It’s no great secret that Roman Catholic ‘social’ teaching, normally seen as a form of corporatism, is a touch difficult to reconcile with free market economics, even more so in the era of Pope Francis, a man who absorbed too much and understood too little during his youth in Peronist Argentina.
That said, this (via the Catholic Herald) was, well, quite something:
“Right now, those who are best implementing the social doctrine of the Church are the Chinese,” a senior Vatican official has said.
Bishop Marcelo Sánchez Sorondo, chancellor of the Pontifical Academy of Social Sciences, praised the Communist state as “extraordinary”, saying: “You do not have shantytowns, you do not have drugs, young people do not take drugs”. Instead, there is a “positive national conscience”.
A national conscience so positive that, until recently, it positively insisted that women should only have one child each, and positively reinforced that insistence with methods up to and including forced abortions, a practice that may not have disappeared quite so completely as the Chinese regime now likes to suggest.
A national conscience so positive that it can’t see what’s wrong with the Laogai, China’s gulag, the largest system of forced labor camps in the world.
And a national conscience so positive that Mao, the murderer of tens of millions, remains venerated.
Back to the Catholic Herald:
The bishop told the Spanish-language edition of Vatican Insider that in China “the economy does not dominate politics, as happens in the United States, something Americans themselves would say.”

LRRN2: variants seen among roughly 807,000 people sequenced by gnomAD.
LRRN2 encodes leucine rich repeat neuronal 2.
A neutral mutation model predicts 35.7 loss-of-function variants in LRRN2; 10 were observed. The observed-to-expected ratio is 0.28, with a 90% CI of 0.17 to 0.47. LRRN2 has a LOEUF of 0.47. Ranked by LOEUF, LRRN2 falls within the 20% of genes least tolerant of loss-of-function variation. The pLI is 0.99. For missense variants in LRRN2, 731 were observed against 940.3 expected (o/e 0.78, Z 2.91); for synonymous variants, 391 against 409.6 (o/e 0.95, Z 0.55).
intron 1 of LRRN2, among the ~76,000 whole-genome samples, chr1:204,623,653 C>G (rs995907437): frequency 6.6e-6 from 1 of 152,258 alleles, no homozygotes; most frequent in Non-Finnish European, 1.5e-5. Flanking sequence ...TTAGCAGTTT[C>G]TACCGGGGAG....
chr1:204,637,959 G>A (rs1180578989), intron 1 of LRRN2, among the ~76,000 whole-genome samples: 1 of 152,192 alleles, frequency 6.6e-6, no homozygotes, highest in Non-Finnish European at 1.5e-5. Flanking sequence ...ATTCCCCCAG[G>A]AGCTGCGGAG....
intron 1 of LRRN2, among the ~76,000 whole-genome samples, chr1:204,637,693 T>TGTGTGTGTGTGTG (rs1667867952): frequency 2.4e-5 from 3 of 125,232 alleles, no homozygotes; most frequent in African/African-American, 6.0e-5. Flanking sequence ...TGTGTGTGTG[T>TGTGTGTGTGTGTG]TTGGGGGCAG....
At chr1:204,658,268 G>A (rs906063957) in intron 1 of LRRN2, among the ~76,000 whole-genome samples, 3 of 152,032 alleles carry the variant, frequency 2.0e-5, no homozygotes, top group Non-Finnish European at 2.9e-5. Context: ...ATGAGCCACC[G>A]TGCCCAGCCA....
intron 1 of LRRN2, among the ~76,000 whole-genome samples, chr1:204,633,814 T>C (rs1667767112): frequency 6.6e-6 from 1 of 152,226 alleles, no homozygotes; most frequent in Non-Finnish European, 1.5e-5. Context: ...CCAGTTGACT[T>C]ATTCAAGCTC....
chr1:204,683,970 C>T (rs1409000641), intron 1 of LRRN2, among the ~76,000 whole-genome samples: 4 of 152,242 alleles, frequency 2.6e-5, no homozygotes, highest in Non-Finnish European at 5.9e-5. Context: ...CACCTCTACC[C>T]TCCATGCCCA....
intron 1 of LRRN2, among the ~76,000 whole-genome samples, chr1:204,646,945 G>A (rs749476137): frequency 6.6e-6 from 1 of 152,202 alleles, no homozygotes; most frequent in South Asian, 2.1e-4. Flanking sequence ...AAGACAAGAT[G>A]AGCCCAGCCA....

What they might say is that in the U.S. there is more of a separation between the economy (and thus the individual) and politics (and thus the state), than corporatists—whether of the Vatican or Chinese Communist variety—might like.
The Catholic Herald:
Bishop Sánchez Sorondo said that China was implementing Pope Francis’s encyclical Laudato Si’ better than many other countries and praised it for defending Paris Climate Accord. “In that, it is assuming a moral leadership that others have abandoned”, he added.
He accused US president Donald Trump of being “manipulated” by global oil firms, and said that, as opposed to those who follow “liberal thought”, the Chinese are working for the greater good of the planet.
This bishop, like his pope, cannot, it seems, resist the lure of conspiracism: Demagogues—a species certainly not confined to the Vatican—tend to be like that.
Note too Sorondo’s obvious disdain for the very idea of “liberal thought” – and, to be clear, by “liberal” he means classical liberal.
That should come as no surprise.
And this was no one-off. Here’s Sorondo last year (via Crux):
“China could be a model we need today to respond to globalization, a model for the dignity and freedom of human beings…”
Sorondo’s remarks are, I am sure, the product of deep ideological conviction, however revolting, but they also, doubtless, come with another, more cynical objective, flattering a dictatorship with which the Vatican is currently very keen to cut a deal over the appointment of bishops.
A sort of Lateran Two, you might say.